Age Melbourne 20 November 2017
Recently I was quoted in The Age regarding the recent VCE English exam andhowone of its sections read like a green-left newsletter.I also brought attention to the perceived over-emphasis of green issues in the broader humanitiescurriculum.
Of course these comments provoked a predictable backlash from the usual suspects, including Age columnist Matt Holden. This is an important debate that strikes at the heart of cultural and political discussion in Australia. Educating school students is one of the most important responsibilities state governments around Australia undertake.
English is the only subject that is compulsory in year 12 in Victoria. It is so important that young Australians are taught to communicate effectively.The Victorian curriculum asserts that English aims to help young people ‘‘become ethical, thoughtful, informed and active members of society and plays an important part in developing the understanding, attitudes and capabilities of those who will take responsibility for Australia’s future’’.
Essentially the curriculum, at its core, is aimed at giving school leavers the skills to question our society and make it better. It’s obvious to any reasonable observer, and indeed critical thinker, that there is a cultural, ideological and philosophical emphasis on one perspective over another in our humanities subjects.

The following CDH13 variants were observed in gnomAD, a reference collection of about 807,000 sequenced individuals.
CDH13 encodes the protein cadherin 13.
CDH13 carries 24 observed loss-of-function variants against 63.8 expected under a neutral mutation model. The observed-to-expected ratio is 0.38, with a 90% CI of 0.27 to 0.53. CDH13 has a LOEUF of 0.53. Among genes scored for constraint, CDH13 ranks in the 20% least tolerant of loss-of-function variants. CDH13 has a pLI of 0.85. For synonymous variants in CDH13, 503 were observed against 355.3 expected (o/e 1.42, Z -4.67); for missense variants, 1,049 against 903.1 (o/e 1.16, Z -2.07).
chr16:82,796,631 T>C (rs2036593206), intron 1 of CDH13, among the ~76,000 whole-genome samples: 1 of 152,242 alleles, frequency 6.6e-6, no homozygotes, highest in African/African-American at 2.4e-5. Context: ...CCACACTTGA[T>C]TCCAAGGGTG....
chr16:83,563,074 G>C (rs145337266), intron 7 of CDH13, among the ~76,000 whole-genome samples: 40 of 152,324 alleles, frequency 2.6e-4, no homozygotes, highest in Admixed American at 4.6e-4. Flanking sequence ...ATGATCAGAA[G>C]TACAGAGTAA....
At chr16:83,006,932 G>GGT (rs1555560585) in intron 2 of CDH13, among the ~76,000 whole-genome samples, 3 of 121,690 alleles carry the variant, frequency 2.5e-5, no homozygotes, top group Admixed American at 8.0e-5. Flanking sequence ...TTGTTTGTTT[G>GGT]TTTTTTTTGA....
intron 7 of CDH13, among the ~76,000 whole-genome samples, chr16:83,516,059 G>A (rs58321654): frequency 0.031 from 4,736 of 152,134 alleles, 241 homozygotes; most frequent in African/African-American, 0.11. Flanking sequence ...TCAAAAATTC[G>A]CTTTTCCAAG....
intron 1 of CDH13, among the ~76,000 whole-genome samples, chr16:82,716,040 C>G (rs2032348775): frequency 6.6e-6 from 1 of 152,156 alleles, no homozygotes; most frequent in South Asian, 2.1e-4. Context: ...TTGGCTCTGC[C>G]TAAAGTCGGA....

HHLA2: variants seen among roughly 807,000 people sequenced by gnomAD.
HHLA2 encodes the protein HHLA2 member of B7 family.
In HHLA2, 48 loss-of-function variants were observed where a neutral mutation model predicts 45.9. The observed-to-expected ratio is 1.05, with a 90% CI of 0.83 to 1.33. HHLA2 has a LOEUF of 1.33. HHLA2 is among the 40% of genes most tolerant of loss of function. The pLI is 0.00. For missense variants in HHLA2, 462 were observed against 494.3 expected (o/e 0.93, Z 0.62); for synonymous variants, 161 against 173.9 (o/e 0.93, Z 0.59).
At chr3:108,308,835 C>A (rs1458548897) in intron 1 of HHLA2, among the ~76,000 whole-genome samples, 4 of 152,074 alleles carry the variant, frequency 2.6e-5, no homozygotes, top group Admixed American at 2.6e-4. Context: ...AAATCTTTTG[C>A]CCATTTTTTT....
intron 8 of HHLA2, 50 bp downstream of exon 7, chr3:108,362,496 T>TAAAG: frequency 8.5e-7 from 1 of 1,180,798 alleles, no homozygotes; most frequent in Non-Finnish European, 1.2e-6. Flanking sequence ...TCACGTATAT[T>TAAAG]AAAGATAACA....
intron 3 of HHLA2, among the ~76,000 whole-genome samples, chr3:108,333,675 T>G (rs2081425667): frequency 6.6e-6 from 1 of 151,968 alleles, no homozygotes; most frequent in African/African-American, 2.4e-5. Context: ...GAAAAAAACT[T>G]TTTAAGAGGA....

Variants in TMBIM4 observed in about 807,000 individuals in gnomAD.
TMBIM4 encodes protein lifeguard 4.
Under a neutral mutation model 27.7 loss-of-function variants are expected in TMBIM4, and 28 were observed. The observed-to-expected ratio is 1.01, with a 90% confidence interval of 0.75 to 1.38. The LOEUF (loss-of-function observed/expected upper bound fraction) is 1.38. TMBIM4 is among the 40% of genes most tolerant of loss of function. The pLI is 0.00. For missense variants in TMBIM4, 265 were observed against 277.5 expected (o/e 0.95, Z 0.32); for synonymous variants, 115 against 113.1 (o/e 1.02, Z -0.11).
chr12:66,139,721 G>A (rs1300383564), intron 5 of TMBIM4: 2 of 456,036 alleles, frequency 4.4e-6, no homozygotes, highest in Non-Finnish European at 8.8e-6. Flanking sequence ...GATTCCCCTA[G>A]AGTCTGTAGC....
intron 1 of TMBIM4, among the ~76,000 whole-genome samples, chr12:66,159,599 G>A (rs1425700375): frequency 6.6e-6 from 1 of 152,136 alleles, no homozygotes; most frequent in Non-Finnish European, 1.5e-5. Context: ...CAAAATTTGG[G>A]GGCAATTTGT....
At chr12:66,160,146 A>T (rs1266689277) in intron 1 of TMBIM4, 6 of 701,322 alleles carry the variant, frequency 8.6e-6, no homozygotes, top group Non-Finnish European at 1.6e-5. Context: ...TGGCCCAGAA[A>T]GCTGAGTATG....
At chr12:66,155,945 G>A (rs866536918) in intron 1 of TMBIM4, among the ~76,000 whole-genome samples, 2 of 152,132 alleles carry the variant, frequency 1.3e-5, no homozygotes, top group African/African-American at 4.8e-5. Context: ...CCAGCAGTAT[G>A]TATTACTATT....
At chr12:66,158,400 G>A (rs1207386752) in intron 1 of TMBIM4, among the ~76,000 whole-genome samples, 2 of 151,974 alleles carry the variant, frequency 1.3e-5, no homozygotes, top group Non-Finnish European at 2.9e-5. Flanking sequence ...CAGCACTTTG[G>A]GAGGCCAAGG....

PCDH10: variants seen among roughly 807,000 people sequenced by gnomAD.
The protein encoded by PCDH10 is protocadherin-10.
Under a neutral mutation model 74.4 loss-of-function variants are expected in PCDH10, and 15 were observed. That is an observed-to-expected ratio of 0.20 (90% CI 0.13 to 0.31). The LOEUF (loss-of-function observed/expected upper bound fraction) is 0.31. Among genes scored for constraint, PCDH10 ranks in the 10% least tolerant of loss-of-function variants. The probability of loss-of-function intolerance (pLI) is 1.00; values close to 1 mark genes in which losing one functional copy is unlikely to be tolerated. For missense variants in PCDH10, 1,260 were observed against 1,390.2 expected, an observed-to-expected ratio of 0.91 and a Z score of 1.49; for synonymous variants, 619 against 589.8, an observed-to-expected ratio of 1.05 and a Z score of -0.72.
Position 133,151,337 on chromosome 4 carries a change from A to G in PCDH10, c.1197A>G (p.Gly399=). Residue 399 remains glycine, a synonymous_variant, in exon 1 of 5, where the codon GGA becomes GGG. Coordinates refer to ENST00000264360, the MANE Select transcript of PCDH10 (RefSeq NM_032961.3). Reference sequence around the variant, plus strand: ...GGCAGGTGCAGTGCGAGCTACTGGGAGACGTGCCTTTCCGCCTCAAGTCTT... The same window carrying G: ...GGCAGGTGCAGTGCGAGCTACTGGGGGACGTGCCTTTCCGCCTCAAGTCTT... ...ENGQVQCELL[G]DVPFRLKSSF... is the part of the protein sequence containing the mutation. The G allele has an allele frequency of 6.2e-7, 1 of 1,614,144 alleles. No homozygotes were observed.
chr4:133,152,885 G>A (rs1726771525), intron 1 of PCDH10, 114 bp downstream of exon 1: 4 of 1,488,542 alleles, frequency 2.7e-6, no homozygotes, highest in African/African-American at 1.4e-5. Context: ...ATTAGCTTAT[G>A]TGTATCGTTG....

Dominating themes of class tensions paint a bleak, negative and depressing view of our humanity. Rather than encouraging students to think clearly about moral dilemmas, which maybe encountered in their lives, students are force-fed a diet of cultural and moral relativism. At this critical stage of their lives, students should be learning broad concepts about our common history and the shared values that makes Australia the envy of the world.
I am not suggesting that politicians should be able to dictate the contents of the curriculum; rather that the curriculum should reflect the ideas and the traditions that have stood the test of time. The curriculum should conserve and pass on our shared cultural inheritance. It should distil what the generations who have come before us have deemed to be worth knowing as well as equipping young people with the technical skills and values they need to negotiate a complex economy and an advanced democracy.
But, lamentably, identity politics is seeping into the classroom. The decision of the Victorian Association for the Teaching of English to invite former Human Rights Commission president Gillian Triggs, GetUp! campaigner Shen Narayanasamy and left-wing activist Van Badham to deliver speeches at their conference is evidence that one perspective, the cultural left, takes precedence over all others.
The conference agenda confirms the left-leaning allegiance of the organisation, with an over-emphasis on identity politics. It’s time to take identity politics out of the classroom and focus on equipping our school leavers with the skills to think critically for themselves and makeup their own minds about our most pressing political, social and economic issues.
Of course,we want our students to engage passionately in debate around important social and moral issues, but such discussions should be based from a neutral position that allows for balance and input from all sides of the debate.